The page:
- Gender and Relationships»
"Mommy! Grown Girl! Privacy!"
These and others are some of the very words that makes me CONNECT with my son. And what better way to connect with your child then by using the very words they use to communicate and show their affection with you and for you?
As a Mother of an eight year old, active, funny, talented boy, I am always hearing these words and a bunch of other funny, warm and lovely terms that my little one magically thinks of and I run to my journal and write them down because Mommy's short term memory, in the middle of all my endless Mommy tasks, is really short nowadays! However, I realized over time (Eight years to be exact) these friendly, wholeheartedly, welcoming words connect my son to me like a magnet to a refrigerator. As a matter of fact, I listen out for them and I feel I have created a small glossary of my child's words. Priceless.
So, for your reading pleasure, here is a list of words, terms, phrases, ideas or whatever you want to call them that connect me and my son to our wonderfully, funny, rewarding and intense relationship there will ever be:
"Grown Girl" Mommy is a Grown Girl when she's enjoying gummy bears and trick-a-treating in the cold. She's a Grown girl because I am an adult, but doing child-like tasks like eating lots of candy and acting silly for her child. So, on many festive occasions, Mommy is a "Grown Girl" I love this term and find myself using it with my husband when I want him to treat me like a Grown Girl and take me out for some Grown Girl fun! hehehehehehe.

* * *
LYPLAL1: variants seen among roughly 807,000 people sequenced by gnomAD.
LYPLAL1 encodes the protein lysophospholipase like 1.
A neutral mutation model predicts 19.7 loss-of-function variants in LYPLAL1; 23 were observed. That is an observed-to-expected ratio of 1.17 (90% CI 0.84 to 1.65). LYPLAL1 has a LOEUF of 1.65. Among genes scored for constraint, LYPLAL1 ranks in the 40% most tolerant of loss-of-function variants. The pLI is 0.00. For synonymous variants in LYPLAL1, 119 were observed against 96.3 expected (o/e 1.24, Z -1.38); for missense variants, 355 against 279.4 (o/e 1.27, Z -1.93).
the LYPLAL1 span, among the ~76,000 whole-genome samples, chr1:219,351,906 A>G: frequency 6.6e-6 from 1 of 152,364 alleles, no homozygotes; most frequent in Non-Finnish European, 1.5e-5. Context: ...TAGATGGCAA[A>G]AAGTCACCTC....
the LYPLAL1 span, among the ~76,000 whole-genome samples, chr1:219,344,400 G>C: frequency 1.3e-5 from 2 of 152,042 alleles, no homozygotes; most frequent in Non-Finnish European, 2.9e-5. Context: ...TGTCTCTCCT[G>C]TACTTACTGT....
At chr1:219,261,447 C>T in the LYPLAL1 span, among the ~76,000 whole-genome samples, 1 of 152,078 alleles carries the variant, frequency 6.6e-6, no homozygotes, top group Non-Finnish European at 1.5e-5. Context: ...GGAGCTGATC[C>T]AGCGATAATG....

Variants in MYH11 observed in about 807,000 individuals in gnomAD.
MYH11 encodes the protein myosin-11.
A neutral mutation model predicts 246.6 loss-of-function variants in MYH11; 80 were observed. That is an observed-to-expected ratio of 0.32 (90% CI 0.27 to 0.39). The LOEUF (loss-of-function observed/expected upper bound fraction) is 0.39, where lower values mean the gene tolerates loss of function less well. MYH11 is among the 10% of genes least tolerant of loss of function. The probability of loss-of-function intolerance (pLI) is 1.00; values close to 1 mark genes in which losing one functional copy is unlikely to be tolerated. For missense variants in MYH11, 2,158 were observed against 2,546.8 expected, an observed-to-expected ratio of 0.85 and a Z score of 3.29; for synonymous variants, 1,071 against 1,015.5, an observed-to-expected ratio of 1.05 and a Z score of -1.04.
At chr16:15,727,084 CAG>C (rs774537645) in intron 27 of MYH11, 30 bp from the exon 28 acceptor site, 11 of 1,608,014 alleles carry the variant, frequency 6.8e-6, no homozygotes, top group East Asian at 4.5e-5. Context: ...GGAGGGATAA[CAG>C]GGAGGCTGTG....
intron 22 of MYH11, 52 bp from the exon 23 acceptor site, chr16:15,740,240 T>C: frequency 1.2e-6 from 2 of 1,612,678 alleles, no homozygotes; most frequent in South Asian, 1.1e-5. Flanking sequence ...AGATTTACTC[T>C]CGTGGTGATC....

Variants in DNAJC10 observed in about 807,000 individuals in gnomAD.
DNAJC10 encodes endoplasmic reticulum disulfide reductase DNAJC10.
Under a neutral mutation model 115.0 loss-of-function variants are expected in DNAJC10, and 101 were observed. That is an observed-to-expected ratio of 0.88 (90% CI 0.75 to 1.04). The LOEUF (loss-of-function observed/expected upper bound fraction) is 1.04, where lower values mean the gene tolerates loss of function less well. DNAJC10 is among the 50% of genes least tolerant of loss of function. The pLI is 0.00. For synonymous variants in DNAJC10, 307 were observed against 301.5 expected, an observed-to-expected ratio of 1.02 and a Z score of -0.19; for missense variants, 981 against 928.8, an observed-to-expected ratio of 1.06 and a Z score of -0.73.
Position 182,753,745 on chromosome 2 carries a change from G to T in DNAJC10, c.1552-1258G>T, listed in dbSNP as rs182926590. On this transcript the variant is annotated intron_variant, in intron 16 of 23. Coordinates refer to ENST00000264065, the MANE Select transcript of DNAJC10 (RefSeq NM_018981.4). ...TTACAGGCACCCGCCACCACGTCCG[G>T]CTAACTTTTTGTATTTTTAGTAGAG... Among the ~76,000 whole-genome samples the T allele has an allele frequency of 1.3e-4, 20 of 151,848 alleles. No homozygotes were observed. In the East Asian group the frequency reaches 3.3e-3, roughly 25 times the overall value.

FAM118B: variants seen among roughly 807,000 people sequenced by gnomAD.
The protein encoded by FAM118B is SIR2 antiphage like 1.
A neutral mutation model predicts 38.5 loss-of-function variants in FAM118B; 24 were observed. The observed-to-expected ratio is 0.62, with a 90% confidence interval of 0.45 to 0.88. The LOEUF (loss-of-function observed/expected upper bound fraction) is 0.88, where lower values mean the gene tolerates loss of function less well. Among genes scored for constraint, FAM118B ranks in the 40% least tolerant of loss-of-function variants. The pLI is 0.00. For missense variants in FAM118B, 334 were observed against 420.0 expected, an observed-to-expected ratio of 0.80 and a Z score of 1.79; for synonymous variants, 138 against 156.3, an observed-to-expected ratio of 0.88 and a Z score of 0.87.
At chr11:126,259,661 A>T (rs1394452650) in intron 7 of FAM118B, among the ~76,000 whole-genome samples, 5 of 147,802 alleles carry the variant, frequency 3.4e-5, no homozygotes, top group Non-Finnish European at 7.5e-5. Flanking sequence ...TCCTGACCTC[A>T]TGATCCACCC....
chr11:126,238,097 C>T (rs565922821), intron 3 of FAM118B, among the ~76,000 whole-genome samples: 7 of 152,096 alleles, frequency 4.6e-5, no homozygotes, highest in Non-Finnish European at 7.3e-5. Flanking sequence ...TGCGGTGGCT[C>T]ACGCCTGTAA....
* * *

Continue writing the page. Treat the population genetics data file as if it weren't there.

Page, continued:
"Adult Juice " Come on, Grown Girls, out there, you can figure this one out! Yes, any alcoholic drink out there that is drank at home on special occasions or gatherings responsibly. Here comes my little one looking at my glass of Merlot and innocently says, "Oh, you are having adult juice, Mommy and Daddy...does it taste like Grapes? When can I have adult juice?" And very authoritatively, I answer "When you are 25!" Confused, he replies, "But, wait, Grown Girl, you said 21, last month when I asked you?" Ah, gotta love Mommy's short term memory.
"Privacy " This is used, a lot for very obvious reasons, when you have a growing son who has to use the same bathroom you are using or you don't hear him in his room for long periods of time and you wonder "Why is he so quiet in there?" And it's used interchangeably, of course. I use it and he uses it. For example, just the other day, I knock on his room door and of course I open it and he's like "MOMMY! COME ON...PRIVACY...PRIVACY!" As he's changing his sweats pants into his football pants. "Privacy, please!"
"Adult Words " Ah, this one is key. My smart little man knows that some words are not appropriate for his little ears and not appropriate for us Grown Girls mouths, as well, but on occasion he may hear words that he understands and has been taught are not child appropriate, but unfortunately, is a part of life. One day my boy hears the 'D' word, and he is very much aware that that word is not appropriate for use in our household, so he instantly opens his big brown eyes and shakes his head at me and says, "Uh-oh, Mommy, you Grown ups and your adult words...bad...not good...Can't they just use another word like--- Oops!" My Mommy pride soared. Connection.
Moral of the story is that in order to connect with your child you need to be responsive and attentive to what they say to you and for us as 'Grown Girls' and 'Grown Boys' to pay attention. They have so much to discover, uncover and learn, from us, that the more we do listen and learn from them the more they will communicate with you and as a parent that's half the work.
He may be only eight today, but one day he'll be twenty-eight drinking adult juice asking and giving his little boy or girl privacy and hopefully not saying too many adult words and he will connect with his family.
So, what are your favorite "connecting" words with your child? How is your child connecting with you and how can you make your connection stronger with them every day?
Listen and capture them. It makes them feel special and the best thing you want as a parent is for that child to know that you are there for them.